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Opportunity isn't lost on Jamaal Williams

BYU's all-time leading rusher ready to take his game to the next level


GREEN BAY – Jamaal Williams tried to keep his emotions in check, but some excitement is too real to hide. His ear-to-ear grin refused to be concealed.

Walking into the Packers' locker room for the first time last week, it dawned on the rookie fourth-round pick out of Brigham Young that this wasn't a dream.

Not anymore.

"I felt like a kid," Williams said. "I still wanted to be professional about it, but I feel like a kid coming to the locker room and seeing all the Green Bay official stuff."

This is Williams' reality now. The 134th player to hear his name called two weeks ago, Williams began his NFL career during last week's rookie orientation with the Packers.

The 6-foot, 213-pound running back took a different path to the NFL than most of his draft class. Out of the 30 backs who were selected, Williams and Coastal Carolina's De'Angelo Henderson were the only redshirt seniors of the bunch.

Williams likely would've landed in the NFL a year ago if it hadn't been for an honor code violation at BYU that forced him to sit out the 2015 season. He could've transferred at that point, but opted to return for his redshirt senior year instead.

Shortly after being drafted, Williams told Green Bay media on a conference call his decision was based on the loyalty he felt to the program, his only serious Division I offer coming out of Summit High School in Fontana, Calif.

Back in Provo, Utah, Williams' quarterback, Taysom Hill, was excited for the running back's eventual return. Members of the same 2012 BYU recruiting class, Hill and Williams developed a deep bond during their five years together.

"He's a loyal guy. I think that's a great characteristic," said Hill, who also is in Green Bay this spring after signing with the Packers as a college free agent.

"He's so loyal. He showed that when he came back to BYU. I don't know who was talking to him or where he could've gone, but I know there would have been opportunities to go elsewhere. It certainly showed us, as his teammates, his loyalty to us and brought us closer together and made everyone want to be successful together that much more."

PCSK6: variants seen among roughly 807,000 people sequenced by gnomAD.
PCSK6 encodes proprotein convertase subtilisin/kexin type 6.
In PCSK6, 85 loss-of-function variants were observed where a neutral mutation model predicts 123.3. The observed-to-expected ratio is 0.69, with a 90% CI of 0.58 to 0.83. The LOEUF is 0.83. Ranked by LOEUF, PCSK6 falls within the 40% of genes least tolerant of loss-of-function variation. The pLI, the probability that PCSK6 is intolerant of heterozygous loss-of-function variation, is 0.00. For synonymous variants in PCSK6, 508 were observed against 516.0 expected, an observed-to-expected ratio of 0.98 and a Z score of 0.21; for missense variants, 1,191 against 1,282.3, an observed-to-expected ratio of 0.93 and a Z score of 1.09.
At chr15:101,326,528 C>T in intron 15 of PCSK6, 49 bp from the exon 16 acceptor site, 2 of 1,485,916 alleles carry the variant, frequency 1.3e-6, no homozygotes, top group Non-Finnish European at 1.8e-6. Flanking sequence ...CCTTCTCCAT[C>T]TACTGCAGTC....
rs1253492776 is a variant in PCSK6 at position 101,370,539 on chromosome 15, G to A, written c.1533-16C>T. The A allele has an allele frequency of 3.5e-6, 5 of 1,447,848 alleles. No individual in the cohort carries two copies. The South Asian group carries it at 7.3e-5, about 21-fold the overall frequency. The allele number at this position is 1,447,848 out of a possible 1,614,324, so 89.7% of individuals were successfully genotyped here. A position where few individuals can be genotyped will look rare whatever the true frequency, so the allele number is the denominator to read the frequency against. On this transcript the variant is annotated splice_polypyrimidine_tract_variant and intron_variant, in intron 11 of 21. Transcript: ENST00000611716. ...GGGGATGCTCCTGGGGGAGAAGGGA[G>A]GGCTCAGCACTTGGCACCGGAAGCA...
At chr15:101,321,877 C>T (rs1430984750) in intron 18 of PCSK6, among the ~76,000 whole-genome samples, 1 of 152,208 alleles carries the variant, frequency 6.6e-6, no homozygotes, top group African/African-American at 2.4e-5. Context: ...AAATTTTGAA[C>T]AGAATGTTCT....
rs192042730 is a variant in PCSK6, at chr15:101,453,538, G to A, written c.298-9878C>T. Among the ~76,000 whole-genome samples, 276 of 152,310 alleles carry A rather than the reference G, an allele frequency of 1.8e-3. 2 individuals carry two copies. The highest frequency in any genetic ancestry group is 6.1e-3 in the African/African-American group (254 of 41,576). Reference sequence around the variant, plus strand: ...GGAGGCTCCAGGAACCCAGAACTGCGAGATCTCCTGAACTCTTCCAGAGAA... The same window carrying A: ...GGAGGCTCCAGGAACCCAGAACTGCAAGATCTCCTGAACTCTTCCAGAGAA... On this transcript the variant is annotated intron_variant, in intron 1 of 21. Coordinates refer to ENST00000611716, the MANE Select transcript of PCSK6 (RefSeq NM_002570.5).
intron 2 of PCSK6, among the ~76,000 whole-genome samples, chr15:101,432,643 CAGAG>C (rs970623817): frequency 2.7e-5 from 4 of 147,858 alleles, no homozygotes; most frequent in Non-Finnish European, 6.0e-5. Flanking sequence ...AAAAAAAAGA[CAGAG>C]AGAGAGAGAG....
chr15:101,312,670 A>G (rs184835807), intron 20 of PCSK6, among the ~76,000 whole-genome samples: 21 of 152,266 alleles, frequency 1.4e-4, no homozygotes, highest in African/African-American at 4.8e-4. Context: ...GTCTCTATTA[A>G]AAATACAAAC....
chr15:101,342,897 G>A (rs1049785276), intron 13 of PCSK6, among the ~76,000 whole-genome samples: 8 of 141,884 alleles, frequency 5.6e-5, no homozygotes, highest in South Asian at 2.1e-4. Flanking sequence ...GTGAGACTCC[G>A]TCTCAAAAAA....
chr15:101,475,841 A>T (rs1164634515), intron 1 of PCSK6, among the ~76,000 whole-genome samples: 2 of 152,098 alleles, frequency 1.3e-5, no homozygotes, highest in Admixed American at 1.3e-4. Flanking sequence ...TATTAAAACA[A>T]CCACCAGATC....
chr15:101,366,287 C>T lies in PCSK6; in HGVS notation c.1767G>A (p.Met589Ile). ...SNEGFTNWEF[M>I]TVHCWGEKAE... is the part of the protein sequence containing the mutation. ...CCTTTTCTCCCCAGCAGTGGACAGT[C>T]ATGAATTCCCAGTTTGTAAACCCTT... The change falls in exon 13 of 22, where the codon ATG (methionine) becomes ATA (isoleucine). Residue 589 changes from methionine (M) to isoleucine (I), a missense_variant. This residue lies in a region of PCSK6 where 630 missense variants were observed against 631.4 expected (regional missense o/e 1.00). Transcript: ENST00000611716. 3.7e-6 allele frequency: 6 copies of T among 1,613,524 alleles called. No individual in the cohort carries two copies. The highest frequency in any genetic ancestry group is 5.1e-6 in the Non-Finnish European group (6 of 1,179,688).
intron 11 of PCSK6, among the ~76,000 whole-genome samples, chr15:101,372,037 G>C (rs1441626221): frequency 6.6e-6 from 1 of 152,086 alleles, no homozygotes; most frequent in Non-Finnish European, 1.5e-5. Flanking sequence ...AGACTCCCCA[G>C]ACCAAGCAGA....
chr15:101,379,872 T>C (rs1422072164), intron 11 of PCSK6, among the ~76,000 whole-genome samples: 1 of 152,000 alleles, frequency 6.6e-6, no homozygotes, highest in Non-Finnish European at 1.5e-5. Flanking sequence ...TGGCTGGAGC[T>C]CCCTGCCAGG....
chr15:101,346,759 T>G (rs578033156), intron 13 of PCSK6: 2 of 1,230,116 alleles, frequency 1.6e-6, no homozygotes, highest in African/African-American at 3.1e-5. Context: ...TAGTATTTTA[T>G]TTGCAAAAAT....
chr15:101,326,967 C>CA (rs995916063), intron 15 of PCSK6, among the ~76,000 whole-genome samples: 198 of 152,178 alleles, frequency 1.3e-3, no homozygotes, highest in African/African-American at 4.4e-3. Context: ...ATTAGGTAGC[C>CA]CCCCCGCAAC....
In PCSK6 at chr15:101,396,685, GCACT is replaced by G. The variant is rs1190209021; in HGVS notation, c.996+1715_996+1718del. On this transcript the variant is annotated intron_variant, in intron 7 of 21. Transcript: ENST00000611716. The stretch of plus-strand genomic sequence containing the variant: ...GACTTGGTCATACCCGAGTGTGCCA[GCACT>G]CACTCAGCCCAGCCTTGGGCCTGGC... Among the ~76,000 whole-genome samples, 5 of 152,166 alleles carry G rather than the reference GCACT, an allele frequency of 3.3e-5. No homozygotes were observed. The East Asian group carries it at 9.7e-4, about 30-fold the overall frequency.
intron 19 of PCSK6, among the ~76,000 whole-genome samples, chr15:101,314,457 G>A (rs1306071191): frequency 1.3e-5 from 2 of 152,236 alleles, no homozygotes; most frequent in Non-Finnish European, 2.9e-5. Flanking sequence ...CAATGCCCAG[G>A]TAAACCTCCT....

Williams, who spent his off-year running hills in Scottsdale, Ariz., saved his best for last at BYU. He rushed for 1,375 yards and 12 touchdowns in 10 games this past season, with his 286 rushing yards against Toledo last September resetting the school's single-game rushing record.

In his final game with the Cougars, Williams was responsible for 210 of BYU's 316 total yards in a 24-21 win over Wyoming in the Poinsettia Bowl, pushing his school record for career rushing yards to 3,901.

"He deserved everything he achieved there," Hill said.

The second act of Williams' football career has taken him to Green Bay, where opportunity is endless. With the release of Christine Michael and Don Jackson last week, Ty Montgomery is the only returning running back on the roster besides fullbacks Aaron Ripkowski and Joe Kerridge, who combined for 35 carries last season.

The other 77 returning attempts belong to Montgomery, the converted receiver to whom Head Coach Mike McCarthy reiterated his commitment as the Packers' starting running back after the draft concluded.

The rest is up to the room to decide. Along with Williams, the Packers drafted UTEP's Aaron Jones in the fifth round and Utah State's Devante Mays in the seventh to help replace departing veterans Eddie Lacy and James Starks.

"It gave us a great opportunity to come in and, all the running backs who are here, show out and do everything they can to get on the field," Williams said. "It gives us more leeway, more opportunity to get on the field, but I still see it as an opportunity to prove myself to everybody and be able to make myself available."

The education has already started for Williams, who began digesting the offense during the three-day orientation. When the rookies return next week, he looks forward to gleaning more insight from Montgomery and position coach Ben Sirmans.

Williams' affinity for Walter Payton and Eric Dickerson is well-documented. He's taken a lot of cues from both players in how he runs – "I like contact, but at the same time, I want to get out there and show my speed" – and trains during the offseason.

In the NFL, Williams is eager to chart his own course and show his child-like enthusiasm for football is here to stay, which will be obvious the first time he meets Aaron Rodgers.

"I'm still waiting to see him," said Williams with a smile. "You see his locker when you walk in – 'Rodgers' – that's our man, but at the same time you're teammates with him, but right when I see him, (I'll) let him know I've been watching him forever and been playing with you on Madden and all this.

"But at the same time, let him know I want to be a professional, a teammate, and let him know I'm here to contribute and do everything I can to help the team win."

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